Tuesday, July 3, 2012

What happened to June?

Port Tarpon Marina, Anclote River, Tarpon Springs, Florida
It's been almost a month since we arrived in Florida on the 7th of June.  Navigating barrier islands and now keys is becoming more comfortable.  From the first sigh of relief at anchoring just inside Anclote Key after the gulf crossing to  being here in this beautiful water surrounded by mangroves, a lot of 'ciphering has gone on.  Deciphering tide charts and map symbology  for water (what's with all those wreck symbols??!) is getting easier for all.  
Dale amusing herself with the bosun's chair
Wow, Tarpon Springs has really yummy tasting water!  So happy that we discovered the icky tasting water was really the water from Port Aransas and not our water tank.  
Tarpon Springs is known for its large Greek community and natural sponges.  We toured town by dinghy.... how fun to get all over by river.  We enjoyed tiki bars, spongedocks, Greek food, the interesting boats, kitchy decor from earlier eras and pleasant weather.  It rained on us as soon as we tied up our boat.  Perfect timing and wind.  Dan masterfully sailed our catamaran right up the river. 
Dan's views from the mast:
Looking north

Looking east

Looking west
The new capacitor for the generator arrived on Tuesday so we left that day to anchor out south of Anclote Key.  After 4 days we bid adieu to that river-y town enjoying every fathom!

Sailed under the Sunshine Skyway Bridge in Tampa Bay
Disconcerting depth perception..... it just looked so close to the top of our mast....

Next stop, St. Petersburg
a totally urban experience!
It took all day to get to St. Pete, arriving about 7pm.  The kids wasted no time in getting out their bikes as it was still light.  There are several parks that border the harbor and have wide sidewalks.  Fun to walk and ride around.  There is a municipal pier with an upside down pyramid looking building at the end with many restaurants, etc.  
The best part is that our friends Alexzula and Hank live there and they came to visit!
Hank & Zula
Enjoyed yummy food and colorful folk at Cody's with Hank & Zula.  Are you jealous, Mario?  Thanks so much you two!  So good to see you after so long.

Hope you didn't get washed away with all the rain that St. Pete received.  Don't you think it's cozy being in the boat during a rain?

Colorful biminis in the marina

Yep, this is where the kids earned their sailing permits from Daddy's School of Sailing 
Dale and Ray have really enjoyed being able to sail around solo in Pearl.

More of Dan's views from the mast
Let's see, what was fixed this time?  Mr Fixit installed another wind speed and direction indicator at the top of the mast, and he replaced a dead battery charger.
There were lots of fun things to see in St. Pete but we sailed off on Saturday, catching the last bit of current leaving Tampa Bay.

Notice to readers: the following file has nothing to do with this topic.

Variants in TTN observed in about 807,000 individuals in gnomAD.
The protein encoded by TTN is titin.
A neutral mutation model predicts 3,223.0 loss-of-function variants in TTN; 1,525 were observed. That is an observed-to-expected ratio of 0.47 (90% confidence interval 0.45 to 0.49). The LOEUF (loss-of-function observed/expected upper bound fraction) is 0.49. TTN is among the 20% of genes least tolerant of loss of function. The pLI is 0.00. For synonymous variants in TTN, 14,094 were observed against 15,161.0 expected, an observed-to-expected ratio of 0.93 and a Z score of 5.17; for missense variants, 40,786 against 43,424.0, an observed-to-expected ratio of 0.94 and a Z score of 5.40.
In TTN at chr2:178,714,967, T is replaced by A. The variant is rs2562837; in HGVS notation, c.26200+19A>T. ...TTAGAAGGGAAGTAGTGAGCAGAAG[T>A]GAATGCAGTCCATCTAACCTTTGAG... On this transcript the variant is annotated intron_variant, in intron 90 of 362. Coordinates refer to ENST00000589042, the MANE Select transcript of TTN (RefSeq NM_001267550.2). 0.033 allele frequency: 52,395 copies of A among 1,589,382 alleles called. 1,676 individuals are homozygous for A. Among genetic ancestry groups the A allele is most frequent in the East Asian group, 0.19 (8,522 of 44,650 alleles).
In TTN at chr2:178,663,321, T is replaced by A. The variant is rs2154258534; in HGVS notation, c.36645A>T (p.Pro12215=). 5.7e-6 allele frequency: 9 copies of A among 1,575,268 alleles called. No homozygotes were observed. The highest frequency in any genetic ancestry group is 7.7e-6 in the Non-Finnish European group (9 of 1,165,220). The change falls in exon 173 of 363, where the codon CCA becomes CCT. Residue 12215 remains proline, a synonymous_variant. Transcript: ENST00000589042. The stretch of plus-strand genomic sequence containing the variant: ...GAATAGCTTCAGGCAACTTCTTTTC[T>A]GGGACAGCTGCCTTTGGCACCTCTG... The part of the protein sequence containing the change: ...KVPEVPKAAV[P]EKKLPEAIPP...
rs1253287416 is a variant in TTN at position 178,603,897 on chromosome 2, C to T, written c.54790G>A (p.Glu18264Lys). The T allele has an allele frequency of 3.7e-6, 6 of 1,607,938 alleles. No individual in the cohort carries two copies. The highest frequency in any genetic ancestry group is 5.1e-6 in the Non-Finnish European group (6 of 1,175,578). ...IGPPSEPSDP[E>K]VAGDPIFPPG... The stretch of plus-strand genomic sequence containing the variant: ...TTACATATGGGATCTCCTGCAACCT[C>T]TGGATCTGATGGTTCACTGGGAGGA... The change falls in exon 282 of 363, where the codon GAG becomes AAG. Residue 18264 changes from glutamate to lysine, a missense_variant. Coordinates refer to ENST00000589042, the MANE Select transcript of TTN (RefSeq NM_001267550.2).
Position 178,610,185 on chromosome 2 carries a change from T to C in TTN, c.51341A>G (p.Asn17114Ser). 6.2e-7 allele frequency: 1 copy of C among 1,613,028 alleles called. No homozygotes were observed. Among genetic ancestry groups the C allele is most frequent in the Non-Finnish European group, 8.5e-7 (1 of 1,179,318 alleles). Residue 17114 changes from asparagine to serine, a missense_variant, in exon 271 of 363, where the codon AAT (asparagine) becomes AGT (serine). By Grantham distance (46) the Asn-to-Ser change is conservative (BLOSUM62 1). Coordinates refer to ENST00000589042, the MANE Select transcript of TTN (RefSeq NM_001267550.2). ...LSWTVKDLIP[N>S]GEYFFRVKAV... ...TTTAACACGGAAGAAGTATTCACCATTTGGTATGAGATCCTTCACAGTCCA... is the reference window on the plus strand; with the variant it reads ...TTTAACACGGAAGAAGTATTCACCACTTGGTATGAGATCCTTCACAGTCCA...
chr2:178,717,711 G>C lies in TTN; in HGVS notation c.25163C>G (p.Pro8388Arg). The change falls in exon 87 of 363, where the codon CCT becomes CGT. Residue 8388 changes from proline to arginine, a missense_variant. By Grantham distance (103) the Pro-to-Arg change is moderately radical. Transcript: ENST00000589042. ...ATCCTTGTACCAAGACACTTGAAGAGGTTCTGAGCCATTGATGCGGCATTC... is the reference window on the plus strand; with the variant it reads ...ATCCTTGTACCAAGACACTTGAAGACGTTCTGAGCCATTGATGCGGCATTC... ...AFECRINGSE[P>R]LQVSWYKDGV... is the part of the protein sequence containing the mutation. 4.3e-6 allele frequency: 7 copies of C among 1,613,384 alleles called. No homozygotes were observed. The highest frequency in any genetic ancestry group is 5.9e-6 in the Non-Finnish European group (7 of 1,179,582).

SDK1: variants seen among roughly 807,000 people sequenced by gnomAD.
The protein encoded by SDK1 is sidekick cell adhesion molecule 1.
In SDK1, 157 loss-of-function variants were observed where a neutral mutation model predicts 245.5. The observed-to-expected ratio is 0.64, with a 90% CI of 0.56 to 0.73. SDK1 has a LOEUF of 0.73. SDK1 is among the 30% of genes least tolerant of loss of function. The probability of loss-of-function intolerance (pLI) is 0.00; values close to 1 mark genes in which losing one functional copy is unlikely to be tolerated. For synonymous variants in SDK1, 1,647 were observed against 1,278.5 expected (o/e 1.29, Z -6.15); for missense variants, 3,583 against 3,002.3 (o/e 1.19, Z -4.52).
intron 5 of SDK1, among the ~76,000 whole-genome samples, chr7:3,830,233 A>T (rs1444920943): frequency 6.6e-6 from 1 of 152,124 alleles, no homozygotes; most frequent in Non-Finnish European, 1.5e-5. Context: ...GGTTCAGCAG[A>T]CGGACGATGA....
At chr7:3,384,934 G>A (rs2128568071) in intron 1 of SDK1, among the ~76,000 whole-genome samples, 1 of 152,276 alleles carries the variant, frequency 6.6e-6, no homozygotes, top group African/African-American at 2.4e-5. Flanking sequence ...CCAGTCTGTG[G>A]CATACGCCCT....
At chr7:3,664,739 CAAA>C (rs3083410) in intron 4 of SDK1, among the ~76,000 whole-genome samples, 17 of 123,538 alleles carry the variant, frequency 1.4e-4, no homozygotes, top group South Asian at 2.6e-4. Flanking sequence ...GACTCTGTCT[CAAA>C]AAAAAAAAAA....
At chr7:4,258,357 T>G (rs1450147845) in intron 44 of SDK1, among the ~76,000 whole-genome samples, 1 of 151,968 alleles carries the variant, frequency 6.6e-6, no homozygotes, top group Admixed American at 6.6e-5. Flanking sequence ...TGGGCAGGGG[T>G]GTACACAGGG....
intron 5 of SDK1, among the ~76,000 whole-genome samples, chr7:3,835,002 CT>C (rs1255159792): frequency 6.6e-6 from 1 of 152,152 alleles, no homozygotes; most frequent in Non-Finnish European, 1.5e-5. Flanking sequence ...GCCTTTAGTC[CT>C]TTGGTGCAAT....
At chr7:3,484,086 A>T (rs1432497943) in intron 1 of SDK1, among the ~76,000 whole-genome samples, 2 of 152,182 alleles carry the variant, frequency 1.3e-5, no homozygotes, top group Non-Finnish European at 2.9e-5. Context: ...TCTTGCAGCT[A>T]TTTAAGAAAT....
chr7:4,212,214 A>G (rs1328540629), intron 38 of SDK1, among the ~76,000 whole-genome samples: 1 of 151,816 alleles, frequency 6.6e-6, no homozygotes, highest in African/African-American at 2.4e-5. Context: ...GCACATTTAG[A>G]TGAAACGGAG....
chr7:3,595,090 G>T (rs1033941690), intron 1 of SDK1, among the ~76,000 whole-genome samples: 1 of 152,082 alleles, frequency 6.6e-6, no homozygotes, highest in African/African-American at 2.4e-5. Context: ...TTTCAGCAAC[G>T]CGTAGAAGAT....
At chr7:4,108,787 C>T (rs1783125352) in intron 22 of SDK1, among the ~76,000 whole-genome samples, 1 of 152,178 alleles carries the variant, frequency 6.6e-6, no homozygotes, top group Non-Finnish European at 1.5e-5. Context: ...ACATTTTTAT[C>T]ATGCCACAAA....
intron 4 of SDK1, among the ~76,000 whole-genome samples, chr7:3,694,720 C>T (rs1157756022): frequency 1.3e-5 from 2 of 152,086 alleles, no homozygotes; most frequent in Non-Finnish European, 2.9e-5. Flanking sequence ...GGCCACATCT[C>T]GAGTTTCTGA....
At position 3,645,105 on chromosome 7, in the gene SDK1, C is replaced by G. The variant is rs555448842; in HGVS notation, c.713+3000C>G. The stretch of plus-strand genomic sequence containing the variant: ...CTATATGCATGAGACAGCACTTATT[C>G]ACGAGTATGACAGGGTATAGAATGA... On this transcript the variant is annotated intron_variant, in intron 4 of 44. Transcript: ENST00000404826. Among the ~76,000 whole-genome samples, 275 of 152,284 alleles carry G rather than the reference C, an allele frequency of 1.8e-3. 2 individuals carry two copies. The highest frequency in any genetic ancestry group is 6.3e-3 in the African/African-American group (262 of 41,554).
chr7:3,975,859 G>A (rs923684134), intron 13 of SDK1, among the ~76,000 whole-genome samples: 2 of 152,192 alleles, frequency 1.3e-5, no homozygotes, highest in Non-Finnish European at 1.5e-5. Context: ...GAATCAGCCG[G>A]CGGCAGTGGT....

We sailed overnight to Ft. Myers, arriving about 7pm on Sunday.  We missed the current this time!  Had to tack and tack, tryed to motor but to no avail.  Sailing got us there.  Sometimes mother nature just plans for you!

Next:  the manatee!

Hope you are all well!

Fascinating Discovery

Our sail from Ft. Myers to Key West was uneventful, nothing broke, no crazy storms.  In fact the sea looked like glass most of the way and we slowly motored.  There was one exception.  Early in the morning of the second day, I was on watch.  Everyone else was sound asleep and I was enjoying a gorgeous sunrise and trying to figure out how to conserve electricity, because there was no wind at all, and we were electric motoring.  To starboard, on the horizon, I noticed what looked like a capsized boat with a red life raft tied to one end.  With binoculars, at that distance, it still wasn't clear, so I changed course 90 degrees and headed straight for the mystery object.  After about 20 minutes it became clear that the object was indeed a capsized vessel, but what I had thought was a life raft was actually the aft section of the hull which was painted red.  I woke Marty and the kids and called the coast guard.  The coast guard responded to my hailing on VHF, but for some reason we lost contact and couldn't re-establish.  We slowly approached the upside down boat.  It appeared to have been upside down for some time.  It was a strange craft.  About 25ft long, no sailing keel, funny rudder, and a home built shaped hull, which I assumed was plywood cored.  Not worth all the work it would take for me to right it, and tow it to Key West, so salvage was dismissed in my mind. Not to mention the thought of long dead bodies inside the boat...yikes...spooky.  On the side of the boat was "www.atlantic-odyssey.com".  We tried to hail the coast guard again without success.  Wrote down the coordinates and sailed on for Key West.  As we approached Key West we contacted the coast guard and let them know what we had found.  Then Marty got online and found out the story of this vessel that never made it to port.  The "Sara G" was a row boat manned by a crew of rowers trying to cross the Atlantic under human power.  They capsized in a rogue wave hundreds of miles from shore in the Atlantic and were very lucky to be rescued by a ship.  Check out the story at http://www.atlantic-odyssey.com/  How did this boat get all the way around Florida and many miles north?  Who knows?  To give you an idea of where it was, you can draw a straight line from Ft. Myers to Key West and half way down the line is about where we made the discovery.  
This watery world we live on is full of mysteries.  
Time for another margarita.  Cheers,